AMH levels, therefore, are of utmost help in deciding the treatment protocols and in defining the best strategy for ovulation induction in such patients. It can also help in assessing the response to treatment such as ovarian drilling and predict hyperstimulation. More studies are needed to clearly define these thresholds that predict response.

Anti-Mullerian hormone beyond infertility

Anti-Mullerian hormone and assessment of iatrogenic ovarian damage

The measurement of AMH levels have found utilization in assessing damage to the ovarian reserves caused by iatrogenic sources such as gonadotoxic chemotherapy, pelvic irradiation, uterine artery embolization, and ovarian surgery (cystectomy, stripping, fulguration) and may, therefore, guide in devising strategies to preserve fertility.[5] The option of cryopreservation of oocytes or embryos before chemotherapy or radiotherapy should be considered based on the AMH levels. Studies have shown declining AMH in young adults exposed to chemotherapy in childhood cancers and breast cancers.[14] In addition to reflecting post treatment ovarian damage AMH can also predict ongoing ovarian activity useful to counsel women as regards menstruation besides fertility issues. The impact of ovarian surgery (particularly for endometrioma) has been elucidated in two systematic reviews; both of which have demonstrated a decline in AMH levels post procedure indicating a significant attenuation of ovarian reserve despite surgical expertise.[15,16] All these should be considered when planning surgery in a female desirous of future pregnancy.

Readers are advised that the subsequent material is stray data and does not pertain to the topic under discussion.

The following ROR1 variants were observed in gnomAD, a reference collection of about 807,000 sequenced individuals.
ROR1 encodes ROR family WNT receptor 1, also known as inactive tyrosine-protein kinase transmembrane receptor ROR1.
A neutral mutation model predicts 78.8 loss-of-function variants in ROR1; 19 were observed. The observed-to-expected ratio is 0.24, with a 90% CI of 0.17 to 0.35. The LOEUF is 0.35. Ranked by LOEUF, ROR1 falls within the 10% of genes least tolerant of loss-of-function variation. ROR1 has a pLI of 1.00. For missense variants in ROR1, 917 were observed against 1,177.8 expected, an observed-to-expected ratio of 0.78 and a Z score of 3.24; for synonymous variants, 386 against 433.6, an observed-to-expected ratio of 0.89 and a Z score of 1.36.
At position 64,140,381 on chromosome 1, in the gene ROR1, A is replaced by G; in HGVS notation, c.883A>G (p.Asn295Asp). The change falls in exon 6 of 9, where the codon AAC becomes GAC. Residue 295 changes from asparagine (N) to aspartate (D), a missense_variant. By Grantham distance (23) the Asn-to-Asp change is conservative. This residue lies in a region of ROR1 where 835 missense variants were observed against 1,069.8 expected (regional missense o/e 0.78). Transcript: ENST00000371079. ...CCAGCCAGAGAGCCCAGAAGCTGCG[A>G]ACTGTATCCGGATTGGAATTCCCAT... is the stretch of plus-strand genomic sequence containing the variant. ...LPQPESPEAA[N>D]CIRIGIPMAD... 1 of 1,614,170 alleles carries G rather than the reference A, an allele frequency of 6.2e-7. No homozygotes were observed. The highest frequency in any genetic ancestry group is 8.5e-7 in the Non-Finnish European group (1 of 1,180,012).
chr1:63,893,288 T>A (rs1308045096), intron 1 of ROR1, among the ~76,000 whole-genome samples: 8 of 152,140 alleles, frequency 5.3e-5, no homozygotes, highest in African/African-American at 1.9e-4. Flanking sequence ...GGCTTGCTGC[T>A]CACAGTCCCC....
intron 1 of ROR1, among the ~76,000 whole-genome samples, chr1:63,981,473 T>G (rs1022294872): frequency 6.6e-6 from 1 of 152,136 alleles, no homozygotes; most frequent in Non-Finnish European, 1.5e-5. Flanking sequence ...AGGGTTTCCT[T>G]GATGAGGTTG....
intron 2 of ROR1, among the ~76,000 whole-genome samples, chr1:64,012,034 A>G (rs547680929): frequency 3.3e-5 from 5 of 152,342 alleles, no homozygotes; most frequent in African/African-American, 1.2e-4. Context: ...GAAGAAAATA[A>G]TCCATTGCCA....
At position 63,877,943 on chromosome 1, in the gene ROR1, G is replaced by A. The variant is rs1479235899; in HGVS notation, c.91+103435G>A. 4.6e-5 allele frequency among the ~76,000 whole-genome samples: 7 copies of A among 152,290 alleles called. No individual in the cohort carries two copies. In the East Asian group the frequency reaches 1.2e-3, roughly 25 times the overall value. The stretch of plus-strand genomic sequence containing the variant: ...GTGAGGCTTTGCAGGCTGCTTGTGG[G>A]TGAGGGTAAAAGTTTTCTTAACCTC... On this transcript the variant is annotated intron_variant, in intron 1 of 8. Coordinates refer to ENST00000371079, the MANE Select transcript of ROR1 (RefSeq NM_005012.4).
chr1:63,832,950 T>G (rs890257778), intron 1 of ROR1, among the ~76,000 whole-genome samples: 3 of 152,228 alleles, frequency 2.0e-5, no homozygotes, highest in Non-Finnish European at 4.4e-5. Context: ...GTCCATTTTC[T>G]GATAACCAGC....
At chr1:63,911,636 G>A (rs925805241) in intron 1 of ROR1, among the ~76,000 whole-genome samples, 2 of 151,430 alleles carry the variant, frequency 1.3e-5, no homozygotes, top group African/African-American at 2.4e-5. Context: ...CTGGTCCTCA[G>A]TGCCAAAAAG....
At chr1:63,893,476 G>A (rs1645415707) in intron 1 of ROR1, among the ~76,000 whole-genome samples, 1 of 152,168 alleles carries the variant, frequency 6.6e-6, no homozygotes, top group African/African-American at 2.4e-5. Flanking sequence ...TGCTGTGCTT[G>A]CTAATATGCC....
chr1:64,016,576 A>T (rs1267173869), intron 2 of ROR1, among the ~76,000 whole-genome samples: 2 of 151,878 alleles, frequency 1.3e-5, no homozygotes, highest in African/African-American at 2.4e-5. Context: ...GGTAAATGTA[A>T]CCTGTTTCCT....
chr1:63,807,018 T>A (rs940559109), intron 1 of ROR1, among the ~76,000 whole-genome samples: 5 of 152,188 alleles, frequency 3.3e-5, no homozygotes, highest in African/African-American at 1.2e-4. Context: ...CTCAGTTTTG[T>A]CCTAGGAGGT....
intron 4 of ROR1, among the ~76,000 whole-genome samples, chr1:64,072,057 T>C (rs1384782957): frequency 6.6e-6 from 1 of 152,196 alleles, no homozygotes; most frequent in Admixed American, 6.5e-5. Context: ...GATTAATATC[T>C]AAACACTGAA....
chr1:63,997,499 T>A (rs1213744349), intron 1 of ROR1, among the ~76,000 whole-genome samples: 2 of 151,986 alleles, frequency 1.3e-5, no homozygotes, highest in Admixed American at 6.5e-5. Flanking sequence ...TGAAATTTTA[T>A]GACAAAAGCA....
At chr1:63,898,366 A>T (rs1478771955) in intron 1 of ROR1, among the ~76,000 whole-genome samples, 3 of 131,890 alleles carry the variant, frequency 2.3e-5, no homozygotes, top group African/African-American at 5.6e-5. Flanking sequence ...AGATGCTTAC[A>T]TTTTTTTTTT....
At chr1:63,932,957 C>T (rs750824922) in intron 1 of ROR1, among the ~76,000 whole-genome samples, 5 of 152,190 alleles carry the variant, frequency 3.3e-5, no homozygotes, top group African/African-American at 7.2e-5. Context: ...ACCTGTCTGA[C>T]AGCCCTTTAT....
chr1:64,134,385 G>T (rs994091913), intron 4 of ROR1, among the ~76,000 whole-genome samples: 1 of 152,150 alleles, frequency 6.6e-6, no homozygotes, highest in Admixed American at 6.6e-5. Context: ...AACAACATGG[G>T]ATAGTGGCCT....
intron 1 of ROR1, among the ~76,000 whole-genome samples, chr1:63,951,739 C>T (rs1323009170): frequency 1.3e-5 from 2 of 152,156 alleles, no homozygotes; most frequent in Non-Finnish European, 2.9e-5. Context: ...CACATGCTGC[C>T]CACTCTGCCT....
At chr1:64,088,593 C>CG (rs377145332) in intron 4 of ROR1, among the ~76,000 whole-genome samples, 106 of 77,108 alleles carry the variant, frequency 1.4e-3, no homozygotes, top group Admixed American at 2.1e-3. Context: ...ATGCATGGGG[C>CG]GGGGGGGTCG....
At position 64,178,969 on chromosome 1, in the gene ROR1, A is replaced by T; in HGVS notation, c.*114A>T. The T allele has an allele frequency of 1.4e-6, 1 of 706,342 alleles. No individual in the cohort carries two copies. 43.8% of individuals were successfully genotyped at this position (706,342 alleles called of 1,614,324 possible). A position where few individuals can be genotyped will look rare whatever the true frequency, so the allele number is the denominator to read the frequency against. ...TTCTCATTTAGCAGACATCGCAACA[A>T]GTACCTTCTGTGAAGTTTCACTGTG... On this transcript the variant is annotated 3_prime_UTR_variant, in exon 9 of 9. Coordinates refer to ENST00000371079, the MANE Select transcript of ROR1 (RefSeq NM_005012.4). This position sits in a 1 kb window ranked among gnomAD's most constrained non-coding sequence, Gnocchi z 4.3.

Anti-Mullerian hormone as a tumor marker and tumor inhibitor

Since AMH is synthesized by the granulosa cells, it has been evaluated as a tumor marker for the diagnosis of granulosa cell tumor of the ovary. AMH levels are elevated in 76–93% of women with granulosa cell tumors.[17] Moreover, a rise in AMH levels precedes the clinical recurrence of tumor by up to 16 months.[17] Therefore, AMH could be used as an early diagnostic marker of as well as to follow up for the detection of recurrence in cases of granulosa cell tumor. A recent theory has been proposed that most epithelial ovarian tumors originate from fimbriated ends of fallopian tubes or the secondary Mullerian system which can be potentially inhibited by AMH just because it induces the regression of Mullerian duct in fetal life. Thus, AMH is being explored as a therapeutic and diagnostic agent in epithelial ovarian tumors.[17]

Anti-Mullerian hormone in the prediction of menopause and premature ovarian insufficiency

The number of primordial follicles diminishes with advancing age and is virtually depleted at menopause. Data have emerged from studies suggesting a relation between AMH level at a certain age and the timing of menopause.[18]

This can help in individualized prediction of the reproductive lifespan, and time of onset of menopause and in diagnosis of premature ovarian insufficiency. This can provide a significant clinical tool in assisting women to plan child bearing, timely referral for ART and potentially prevent infertility based on early ovarian aging.

Anti-Mullerian hormone in pediatric disorders of sex development